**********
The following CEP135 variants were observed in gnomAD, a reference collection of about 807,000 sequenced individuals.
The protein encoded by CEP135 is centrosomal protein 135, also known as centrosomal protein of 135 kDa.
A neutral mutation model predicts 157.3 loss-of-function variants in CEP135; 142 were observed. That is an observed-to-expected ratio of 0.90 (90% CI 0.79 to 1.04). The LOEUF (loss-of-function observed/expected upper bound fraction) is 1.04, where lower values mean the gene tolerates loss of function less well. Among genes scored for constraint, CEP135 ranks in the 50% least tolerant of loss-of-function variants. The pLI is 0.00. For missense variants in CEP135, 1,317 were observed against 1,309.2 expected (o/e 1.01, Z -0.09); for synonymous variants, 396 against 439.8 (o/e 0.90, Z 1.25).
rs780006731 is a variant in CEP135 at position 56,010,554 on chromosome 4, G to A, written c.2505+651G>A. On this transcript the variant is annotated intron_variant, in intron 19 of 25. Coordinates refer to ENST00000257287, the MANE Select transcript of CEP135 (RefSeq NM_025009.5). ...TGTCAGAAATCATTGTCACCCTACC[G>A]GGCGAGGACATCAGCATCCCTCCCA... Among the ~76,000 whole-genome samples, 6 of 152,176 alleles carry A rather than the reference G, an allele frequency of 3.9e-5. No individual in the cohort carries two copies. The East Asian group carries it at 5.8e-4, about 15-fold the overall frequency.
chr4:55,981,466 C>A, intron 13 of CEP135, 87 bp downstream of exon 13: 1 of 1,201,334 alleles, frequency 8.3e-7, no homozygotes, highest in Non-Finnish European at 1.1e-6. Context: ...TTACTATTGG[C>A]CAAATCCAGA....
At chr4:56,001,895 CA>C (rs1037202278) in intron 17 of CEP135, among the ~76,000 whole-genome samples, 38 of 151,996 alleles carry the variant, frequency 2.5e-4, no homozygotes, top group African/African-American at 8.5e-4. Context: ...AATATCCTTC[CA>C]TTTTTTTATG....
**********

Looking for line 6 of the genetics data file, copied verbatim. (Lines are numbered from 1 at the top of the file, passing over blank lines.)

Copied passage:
At chr4:56,001,895 CA>C (rs1037202278) in intron 17 of CEP135, among the ~76,000 whole-genome samples, 38 of 151,996 alleles carry the variant, frequency 2.5e-4, no homozygotes, top group African/African-American at 8.5e-4. Context: ...AATATCCTTC[CA>C]TTTTTTTATG....